FANTASY FORM WATCH Big boys come out to play

6. Ellis has staged a stunning turnaround

Two months ago, it was hard to see Brandon Ellis' long-term future being at Punt Road. One of just three restricted free agents in the AFL, Ellis was out of Richmond's best team – and looked on his way to being out the door at season's end. Tigers coach Damien Hardwick has since revealed that might have been his fault. He concedes he focused more on what Ellis couldn't do, rather than what he could. Since giving him a reprieve, he's allowed the premiership Tiger to show what he's good at. On Sunday, he did just that. He ran, he carried, he won his own footy and he delivered it precisely. His 35 disposals were the most he's won all season, complementing 13 marks and five clearances. It was the seventh time from eight matches this year in which he's had more than 20 touches. From being out of favour, Ellis now looks like one of the team's most important and influential players. Retain that consistency and he might also prove one of its most indispensable. - Riley Beveridge

Brandon Ellis has revived his Richmond career in the past month. Picture: AFL Photos

7. Lack of composure costs Kangas

It was slippery under foot and the ball was clearly greasy thanks to a heavy dew in Hobart, but it was an absence of final-quarter composure – not the conditions – that ultimately cost North Melbourne. Where the Swans had piled on 7.2 during their period of dominance in the second term, North Melbourne mustered a wasteful 4.5 when momentum swung heavily in their favour late in the piece. During the final term, North dominated clearances and possession and pounded the ball inside the 50m arc no fewer than 20 times. But the frenzied nature of their effort led to errant kicks, messy entries, intercept marks and desperate spoils from the Swans. Just when their clear advantage in experience should have counted most, the Kangaroos couldn't seal the deal against the fledgling Swans and slid further into the mire at 2-7 for the season. - Stu Warren

8. Power's depth rises to the occasion

With eight of their best dozen players injured and unavailable, the Power needed their next generation to show what they could do. The Power's youngsters, some who arrived at the club with much fanfare and others who have bided their time, stepped up in their 38-point win against Gold Coast at Adelaide Oval on Sunday. After one game as a ruckman at the end of last season, 22-year-old Billy Frampton has reinvented himself as a key forward, kicking three goals. Kane Farrell also booted three, defender Joel Garner was solid on debut, at times playing on dangerous Suns forward Alex Sexton, Joe Atley was busy in the midfield while Connor Rozee, Xavier Duursma and Zak Butters added plenty of spark. - Lee Gaskin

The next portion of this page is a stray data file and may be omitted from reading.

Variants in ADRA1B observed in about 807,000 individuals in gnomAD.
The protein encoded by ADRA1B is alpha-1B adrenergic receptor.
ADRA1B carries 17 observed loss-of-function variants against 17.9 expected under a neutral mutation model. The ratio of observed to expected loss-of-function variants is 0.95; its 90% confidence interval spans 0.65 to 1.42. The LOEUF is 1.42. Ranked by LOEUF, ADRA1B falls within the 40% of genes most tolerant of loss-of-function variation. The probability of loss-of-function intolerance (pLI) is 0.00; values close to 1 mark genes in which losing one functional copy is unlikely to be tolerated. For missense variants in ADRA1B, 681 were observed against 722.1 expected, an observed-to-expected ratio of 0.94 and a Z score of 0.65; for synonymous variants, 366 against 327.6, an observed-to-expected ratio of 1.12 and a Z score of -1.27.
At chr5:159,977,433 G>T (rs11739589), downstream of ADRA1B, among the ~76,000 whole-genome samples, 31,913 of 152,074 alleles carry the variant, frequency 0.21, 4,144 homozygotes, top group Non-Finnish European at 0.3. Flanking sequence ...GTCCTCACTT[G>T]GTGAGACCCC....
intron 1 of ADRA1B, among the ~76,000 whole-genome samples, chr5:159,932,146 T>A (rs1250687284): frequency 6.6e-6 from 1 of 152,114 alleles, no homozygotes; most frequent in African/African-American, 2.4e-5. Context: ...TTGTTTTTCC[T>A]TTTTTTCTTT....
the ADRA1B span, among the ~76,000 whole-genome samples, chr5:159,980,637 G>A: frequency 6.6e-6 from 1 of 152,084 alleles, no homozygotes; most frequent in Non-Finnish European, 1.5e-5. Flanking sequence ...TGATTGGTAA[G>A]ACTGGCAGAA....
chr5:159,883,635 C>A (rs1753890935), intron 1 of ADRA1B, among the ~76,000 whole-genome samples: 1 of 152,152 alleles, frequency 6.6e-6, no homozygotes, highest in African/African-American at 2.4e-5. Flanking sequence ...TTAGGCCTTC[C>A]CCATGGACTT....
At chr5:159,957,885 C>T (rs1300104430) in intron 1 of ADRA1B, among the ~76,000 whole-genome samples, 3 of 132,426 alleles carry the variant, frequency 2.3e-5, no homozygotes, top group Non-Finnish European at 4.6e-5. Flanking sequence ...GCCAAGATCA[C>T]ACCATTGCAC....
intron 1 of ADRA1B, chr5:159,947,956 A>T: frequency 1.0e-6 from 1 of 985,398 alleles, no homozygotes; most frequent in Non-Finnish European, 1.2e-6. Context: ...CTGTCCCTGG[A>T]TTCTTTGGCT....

9. Lachie Whitfield's latest positional change might be the best yet

The former No.1 draft pick was a gun wingman before he was moved into defence last season to cover the injured Zac Williams. That proved a masterstroke when he won the best and fairest award and was selected at half-back in the Virgin Australia All Australian team. Most coaches would have chosen to keep that formula, but Leon Cameron opted to swing the gifted runner to the other end of the ground, and he might be an even better player in 2019. Whitfield's tank allows him to cover enormous territory, and while he was dangerous for opposition teams in 2018, being closer to goal this season means he's even more lethal with his delivery forward of centre, an area the Giants have struggled with in recent times. Whitfield is also tougher to clamp playing as a high half-forward where he's free to roam, and as an added bonus, his move has also allowed the Giants to get Toby Greene back into the midfield. - Adam Curley